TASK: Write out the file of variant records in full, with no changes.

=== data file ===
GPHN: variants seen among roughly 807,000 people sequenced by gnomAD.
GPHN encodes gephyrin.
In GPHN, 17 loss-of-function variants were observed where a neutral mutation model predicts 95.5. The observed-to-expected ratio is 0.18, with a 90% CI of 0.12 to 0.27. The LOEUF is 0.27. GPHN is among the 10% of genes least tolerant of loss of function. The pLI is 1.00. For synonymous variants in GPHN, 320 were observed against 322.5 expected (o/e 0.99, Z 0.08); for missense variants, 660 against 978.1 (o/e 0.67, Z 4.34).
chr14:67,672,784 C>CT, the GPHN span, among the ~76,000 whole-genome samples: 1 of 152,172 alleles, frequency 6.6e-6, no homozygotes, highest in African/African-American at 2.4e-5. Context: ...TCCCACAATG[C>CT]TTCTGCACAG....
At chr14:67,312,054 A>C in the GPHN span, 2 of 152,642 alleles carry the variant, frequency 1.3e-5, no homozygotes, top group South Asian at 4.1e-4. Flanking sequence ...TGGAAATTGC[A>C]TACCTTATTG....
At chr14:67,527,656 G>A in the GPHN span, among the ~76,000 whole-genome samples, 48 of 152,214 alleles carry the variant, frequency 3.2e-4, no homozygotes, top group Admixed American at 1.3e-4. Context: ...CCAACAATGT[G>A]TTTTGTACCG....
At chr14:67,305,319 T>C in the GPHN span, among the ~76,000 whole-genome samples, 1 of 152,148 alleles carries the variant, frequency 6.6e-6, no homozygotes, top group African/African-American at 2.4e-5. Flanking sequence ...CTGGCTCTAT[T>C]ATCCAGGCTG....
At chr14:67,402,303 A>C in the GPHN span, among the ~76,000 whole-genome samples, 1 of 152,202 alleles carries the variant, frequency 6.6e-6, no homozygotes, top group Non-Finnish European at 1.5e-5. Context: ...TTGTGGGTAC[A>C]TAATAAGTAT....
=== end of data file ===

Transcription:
GPHN: variants seen among roughly 807,000 people sequenced by gnomAD.
GPHN encodes gephyrin.
In GPHN, 17 loss-of-function variants were observed where a neutral mutation model predicts 95.5. The observed-to-expected ratio is 0.18, with a 90% CI of 0.12 to 0.27. The LOEUF is 0.27. GPHN is among the 10% of genes least tolerant of loss of function. The pLI is 1.00. For synonymous variants in GPHN, 320 were observed against 322.5 expected (o/e 0.99, Z 0.08); for missense variants, 660 against 978.1 (o/e 0.67, Z 4.34).
chr14:67,672,784 C>CT, the GPHN span, among the ~76,000 whole-genome samples: 1 of 152,172 alleles, frequency 6.6e-6, no homozygotes, highest in African/African-American at 2.4e-5. Context: ...TCCCACAATG[C>CT]TTCTGCACAG....
At chr14:67,312,054 A>C in the GPHN span, 2 of 152,642 alleles carry the variant, frequency 1.3e-5, no homozygotes, top group South Asian at 4.1e-4. Flanking sequence ...TGGAAATTGC[A>C]TACCTTATTG....
At chr14:67,527,656 G>A in the GPHN span, among the ~76,000 whole-genome samples, 48 of 152,214 alleles carry the variant, frequency 3.2e-4, no homozygotes, top group Admixed American at 1.3e-4. Context: ...CCAACAATGT[G>A]TTTTGTACCG....
At chr14:67,305,319 T>C in the GPHN span, among the ~76,000 whole-genome samples, 1 of 152,148 alleles carries the variant, frequency 6.6e-6, no homozygotes, top group African/African-American at 2.4e-5. Flanking sequence ...CTGGCTCTAT[T>C]ATCCAGGCTG....
At chr14:67,402,303 A>C in the GPHN span, among the ~76,000 whole-genome samples, 1 of 152,202 alleles carries the variant, frequency 6.6e-6, no homozygotes, top group Non-Finnish European at 1.5e-5. Context: ...TTGTGGGTAC[A>C]TAATAAGTAT....